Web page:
Each of the mixed materials was flown into a mold having a size of Φ50×100 mm and was kept at 20° C. for 48 hours. After that, each of the materials was steam-cured at 90° C. for 48 hours for making hardened bodies (three pieces). Then, compressive strength of each of the three hardened bodies was measured by the method prescribed in “JIS A 1108 (Compressive Strength Testing Method for Concrete)”. The values of compressive strength shown in Tables described below are the average values of the measured values (i.e. the average value of three pieces)

(4) Bending Strength

Each of the mixed materials was flown into a mold having a size of 4×4×16 cm and was kept at 20° C. for 48 hours. After that, the material was steam-cured at 90° C. for 48 hours for making hardened bodies (three pieces). Then, bending strength of each of the three hardened bodies was measured by the method prescribed in “JIS R5201 (Physical Testing Methods for Cements)”. The loading test was done in a condition in which there were four-fulcrum points including two points having a space of 12 cm as lower fulcrums and two points having a space of 4 cm as upper fulcrums. The values of bending strength shown in Tables described below are the average values of the measured values (i.e. the average value of three pieces).

(5) Fracture Energy

Fracture energy was determined by dividing an integration value, which is a integrated value of load and load point displacement during the time that the load is lowered from the maximum load to ⅓ of the maximum load, by the cross section of the test piece. The value of “load point displacement” is a crosshead displacement value measured by a bending test machine.

The results are shown in Table 2.

TABLE 2
Flow 200 mm Bending Fracture
Value Reaching Compressive Strength Energy
(mm) Time (sec) Strength (MPa) (MPa) (KJ/m2)
Examples
 1 258 9.5 220 43 63
 2 256 9.4 210 45
 3 252 8.5 225 45
 4 256 8.6 210 46
 5 260 8.7 215 42
 6 255 8.6 216 43
 7 256 8.3 213 52
 8 256 9.3 215 43 61
 9 257 8.8 217 43
10 251 8.3 206 40
11 256 7.9 208 42
12 260 8.6 221 50
13 257 8.3 215 56
14 256 8.6 216 41
15 255 9.5 230 26 2
16 255 9.6 235 45
17 252 9.6 210 42 61
18 248 9.8 200 42
19 265 9.5 190 35
20 256 9.3 225 42
21 250 9.9 185 41 59
Comparative
Examples
 1 135 140 29
 2 190 198 30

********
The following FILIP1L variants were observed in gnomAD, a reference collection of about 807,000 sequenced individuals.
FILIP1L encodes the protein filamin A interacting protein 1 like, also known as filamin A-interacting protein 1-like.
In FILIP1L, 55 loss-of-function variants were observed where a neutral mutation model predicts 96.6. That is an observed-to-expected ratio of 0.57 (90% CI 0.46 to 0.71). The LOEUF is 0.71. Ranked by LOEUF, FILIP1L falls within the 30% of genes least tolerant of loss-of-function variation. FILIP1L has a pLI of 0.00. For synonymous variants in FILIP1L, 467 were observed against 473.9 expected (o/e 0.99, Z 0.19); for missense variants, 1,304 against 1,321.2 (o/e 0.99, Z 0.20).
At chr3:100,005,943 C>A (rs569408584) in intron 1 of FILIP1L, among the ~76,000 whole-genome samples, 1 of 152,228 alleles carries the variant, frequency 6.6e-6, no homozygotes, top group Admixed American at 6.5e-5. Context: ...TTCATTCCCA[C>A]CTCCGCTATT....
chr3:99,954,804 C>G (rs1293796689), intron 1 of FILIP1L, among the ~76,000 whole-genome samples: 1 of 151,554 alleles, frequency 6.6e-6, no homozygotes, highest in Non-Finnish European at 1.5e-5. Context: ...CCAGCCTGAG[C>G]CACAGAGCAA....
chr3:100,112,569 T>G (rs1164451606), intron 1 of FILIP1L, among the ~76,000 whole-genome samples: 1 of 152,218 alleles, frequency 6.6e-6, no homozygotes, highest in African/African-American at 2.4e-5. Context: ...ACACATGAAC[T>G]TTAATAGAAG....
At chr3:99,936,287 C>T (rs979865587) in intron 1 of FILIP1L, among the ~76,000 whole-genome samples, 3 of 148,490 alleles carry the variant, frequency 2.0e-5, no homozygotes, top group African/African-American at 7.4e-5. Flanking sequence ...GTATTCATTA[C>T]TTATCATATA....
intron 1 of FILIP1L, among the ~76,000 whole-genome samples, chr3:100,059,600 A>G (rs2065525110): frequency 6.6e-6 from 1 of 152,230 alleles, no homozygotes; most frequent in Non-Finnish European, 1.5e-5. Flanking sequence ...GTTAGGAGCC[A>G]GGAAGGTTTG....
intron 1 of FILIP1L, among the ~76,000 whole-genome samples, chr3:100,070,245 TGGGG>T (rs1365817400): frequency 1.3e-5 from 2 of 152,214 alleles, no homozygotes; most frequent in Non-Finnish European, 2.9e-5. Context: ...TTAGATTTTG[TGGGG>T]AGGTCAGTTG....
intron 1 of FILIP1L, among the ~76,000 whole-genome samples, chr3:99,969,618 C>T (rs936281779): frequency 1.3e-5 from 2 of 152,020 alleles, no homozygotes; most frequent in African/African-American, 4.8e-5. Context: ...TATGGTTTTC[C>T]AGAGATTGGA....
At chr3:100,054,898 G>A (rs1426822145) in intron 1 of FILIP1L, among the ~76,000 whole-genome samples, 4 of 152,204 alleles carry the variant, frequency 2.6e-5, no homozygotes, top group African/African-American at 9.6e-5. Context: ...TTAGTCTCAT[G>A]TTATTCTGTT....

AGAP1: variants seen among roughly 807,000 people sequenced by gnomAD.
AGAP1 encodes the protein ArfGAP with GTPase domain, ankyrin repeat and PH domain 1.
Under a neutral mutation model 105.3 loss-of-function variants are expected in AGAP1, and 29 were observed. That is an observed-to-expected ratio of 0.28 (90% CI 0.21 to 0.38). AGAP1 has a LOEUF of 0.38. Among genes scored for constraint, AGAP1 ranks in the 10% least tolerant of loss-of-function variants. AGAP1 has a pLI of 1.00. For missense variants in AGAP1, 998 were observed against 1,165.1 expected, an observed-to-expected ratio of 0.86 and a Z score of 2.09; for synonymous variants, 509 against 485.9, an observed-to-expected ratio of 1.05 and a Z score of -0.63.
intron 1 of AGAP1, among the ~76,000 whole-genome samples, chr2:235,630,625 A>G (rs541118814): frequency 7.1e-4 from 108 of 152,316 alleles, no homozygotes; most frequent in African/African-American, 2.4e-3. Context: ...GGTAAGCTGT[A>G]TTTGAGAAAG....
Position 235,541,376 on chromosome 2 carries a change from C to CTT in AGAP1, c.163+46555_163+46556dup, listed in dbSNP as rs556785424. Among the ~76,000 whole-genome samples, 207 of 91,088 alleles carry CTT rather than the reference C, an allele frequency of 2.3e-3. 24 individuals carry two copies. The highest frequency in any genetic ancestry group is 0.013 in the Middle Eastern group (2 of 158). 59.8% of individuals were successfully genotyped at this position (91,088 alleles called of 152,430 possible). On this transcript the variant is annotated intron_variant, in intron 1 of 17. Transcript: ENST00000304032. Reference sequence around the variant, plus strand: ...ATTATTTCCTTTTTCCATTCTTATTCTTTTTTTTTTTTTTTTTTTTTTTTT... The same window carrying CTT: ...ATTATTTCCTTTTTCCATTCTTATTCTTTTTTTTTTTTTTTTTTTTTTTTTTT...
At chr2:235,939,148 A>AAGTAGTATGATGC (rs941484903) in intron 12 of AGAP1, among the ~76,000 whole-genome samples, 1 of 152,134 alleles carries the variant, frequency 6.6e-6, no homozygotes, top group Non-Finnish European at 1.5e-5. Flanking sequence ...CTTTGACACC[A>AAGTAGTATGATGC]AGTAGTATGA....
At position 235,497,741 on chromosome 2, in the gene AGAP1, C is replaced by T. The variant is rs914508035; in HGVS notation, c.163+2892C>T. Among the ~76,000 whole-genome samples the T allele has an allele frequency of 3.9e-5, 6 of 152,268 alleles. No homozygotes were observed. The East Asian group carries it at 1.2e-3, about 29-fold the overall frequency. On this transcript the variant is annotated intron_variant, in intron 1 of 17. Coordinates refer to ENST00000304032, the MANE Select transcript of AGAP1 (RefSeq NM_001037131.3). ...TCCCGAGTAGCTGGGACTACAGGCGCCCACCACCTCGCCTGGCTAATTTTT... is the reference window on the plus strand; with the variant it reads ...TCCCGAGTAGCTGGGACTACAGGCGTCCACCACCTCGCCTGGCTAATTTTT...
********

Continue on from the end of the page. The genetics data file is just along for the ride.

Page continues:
3 185 175 35
 4 200 170 24 2
 5 255 6.9 195 35 48

As shown in Table 2, the hydraulic compositions (Examples 1-21) of the present invention have a self-filling property (i.e. good flow value and 200 mm reaching time) and excellent mechanical properties (i.e. compressive strength and bending strength). On the contrary, the hydraulic compositions of Comparative Examples 1-4 have low flow values and the like, and do not exhibit a self-filling property.

(B) Examples where Two Kinds of Inorganic Particles are Used, and the Metallic Fibers are Used or not Used.

[1. Materials to be Used]

Following materials were used.

  • (1) Cement; A: Ordinary portland cement (manufactured by TAIHEIYO CEMENT Corp.; Blaine specific surface area: 3,300 cm2/g)
    • Cement; B: Low-heat portland cement (manufactured by TAIHEIYO CEMENT Corp.; Blaine specific surface area: 3,200 cm2/g)
  • (2) Fine Particles; A: Silica fume (BET specific surface area: 1 m2/g),
    • Fine Particles; B: Silica fume (BET specific surface area: 21 m2/g)
  • (3) Inorganic particles (C1); Slag powder A (Blaine specific surface area: 6,000 cm2/g)
    • Slag powder B (Blaine specific surface area: 15,000 cm2/g)
    • Quartz powder (Blaine specific surface area: 8,000 cm2/g)
    • Limestone powder (Blaine specific surface area: 10,000 cm2/g)
  • (4) Inorganic particles (C2); Slag powder A (Blaine specific surface area: 4,500 cm2/g)
    • Quartz powder (Blaine specific surface area: 4,000 cm2/g)
    • Limestone powder A (Blaine specific surface area: 3,800 cm2/g)
    • Limestone powder B (Blaine specific surface area: 2,600 cm2/g)
  • (5) Aggregates; Silica sand A (Maximum diameter: 0.6 mm,
    • The amount of particles having a diameter of no larger than 75 μm: 0.35 weight %)
    • Silica sand B (Maximum diameter: 0.6 mm,
    • The amount of particles having a diameter of no larger than 7-5 μm: 1.2 weight %)
    • Silica sand C (Maximum diameter: 0.6 mm,
    • The amount of particles having a diameter of no larger than 75 μm: 2.9 weight %)
  • (6) Metallic fibers; Steel fibers (Diameter: 0.2 mm, Length: 13 mm)
  • (7) Organic fibers; Vinylon fibers
    • (Diameter: 0.3 mm, Length: 13 mm)
  • (8) Water reducing agent; Air entraining and high range water reducing agent which contains polycarboxylic acid derivatives
  • (9) Water; Tap Water

The amounts of the above materials to be blended in Examples 22-42 are shown in Table 3.

TABLE 3
cement fine particles inorganic particles A inorganic particles B
Examples A B A B slag A slag B quartz limestone slag quartz limestone A limestone B
22 100 23 26 13
23 100 30 26 13
24 100 31.5 28 17
25 100 20 30 21
26 100 20 23 22
27 100 26 20 25
28 100 30 25 25
29 100 31.5 28 17
30 100 20 30 21
31 100 30 23 22
32 100 28 25 15
33 100 35 32 20
34 100 32.2 26 13
35 100 32.2 26 13
36 100 23 22 22
37 100 32.2 26 13
38 100 32.2 26 13
39 100 23 22 22
40 100 12.5 15 10
41 100 32.2 26 13
42 100 32.2 26 13
silica sand
Examples A B C water reducing agent *1 water metallic fibers *2 organic fibers *3
22 110 0.8 23 4
23 106 0.8 22 3